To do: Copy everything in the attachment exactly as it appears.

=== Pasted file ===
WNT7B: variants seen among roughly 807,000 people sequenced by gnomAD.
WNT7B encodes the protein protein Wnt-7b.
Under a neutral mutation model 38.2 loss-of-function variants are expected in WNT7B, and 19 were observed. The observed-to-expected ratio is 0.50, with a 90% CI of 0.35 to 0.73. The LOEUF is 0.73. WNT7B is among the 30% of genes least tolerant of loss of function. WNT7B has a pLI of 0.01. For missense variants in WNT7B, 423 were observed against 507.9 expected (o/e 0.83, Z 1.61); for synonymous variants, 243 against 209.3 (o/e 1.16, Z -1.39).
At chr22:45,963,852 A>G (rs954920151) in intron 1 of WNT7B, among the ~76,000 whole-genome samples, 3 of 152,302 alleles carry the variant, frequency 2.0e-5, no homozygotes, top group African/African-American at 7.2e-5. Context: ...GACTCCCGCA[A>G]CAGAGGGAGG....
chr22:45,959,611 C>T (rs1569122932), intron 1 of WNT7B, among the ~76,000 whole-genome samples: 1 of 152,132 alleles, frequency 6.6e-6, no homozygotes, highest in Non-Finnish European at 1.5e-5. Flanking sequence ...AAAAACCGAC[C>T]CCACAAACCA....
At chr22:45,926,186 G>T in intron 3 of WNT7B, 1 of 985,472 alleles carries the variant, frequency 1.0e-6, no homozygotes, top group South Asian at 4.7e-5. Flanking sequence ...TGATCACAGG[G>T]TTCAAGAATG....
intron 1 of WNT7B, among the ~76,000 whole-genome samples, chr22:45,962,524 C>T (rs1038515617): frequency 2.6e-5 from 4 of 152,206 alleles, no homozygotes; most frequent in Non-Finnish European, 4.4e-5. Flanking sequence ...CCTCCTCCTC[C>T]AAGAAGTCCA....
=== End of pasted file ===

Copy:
WNT7B: variants seen among roughly 807,000 people sequenced by gnomAD.
WNT7B encodes the protein protein Wnt-7b.
Under a neutral mutation model 38.2 loss-of-function variants are expected in WNT7B, and 19 were observed. The observed-to-expected ratio is 0.50, with a 90% CI of 0.35 to 0.73. The LOEUF is 0.73. WNT7B is among the 30% of genes least tolerant of loss of function. WNT7B has a pLI of 0.01. For missense variants in WNT7B, 423 were observed against 507.9 expected (o/e 0.83, Z 1.61); for synonymous variants, 243 against 209.3 (o/e 1.16, Z -1.39).
At chr22:45,963,852 A>G (rs954920151) in intron 1 of WNT7B, among the ~76,000 whole-genome samples, 3 of 152,302 alleles carry the variant, frequency 2.0e-5, no homozygotes, top group African/African-American at 7.2e-5. Context: ...GACTCCCGCA[A>G]CAGAGGGAGG....
chr22:45,959,611 C>T (rs1569122932), intron 1 of WNT7B, among the ~76,000 whole-genome samples: 1 of 152,132 alleles, frequency 6.6e-6, no homozygotes, highest in Non-Finnish European at 1.5e-5. Flanking sequence ...AAAAACCGAC[C>T]CCACAAACCA....
At chr22:45,926,186 G>T in intron 3 of WNT7B, 1 of 985,472 alleles carries the variant, frequency 1.0e-6, no homozygotes, top group South Asian at 4.7e-5. Flanking sequence ...TGATCACAGG[G>T]TTCAAGAATG....
intron 1 of WNT7B, among the ~76,000 whole-genome samples, chr22:45,962,524 C>T (rs1038515617): frequency 2.6e-5 from 4 of 152,206 alleles, no homozygotes; most frequent in Non-Finnish European, 4.4e-5. Flanking sequence ...CCTCCTCCTC[C>T]AAGAAGTCCA....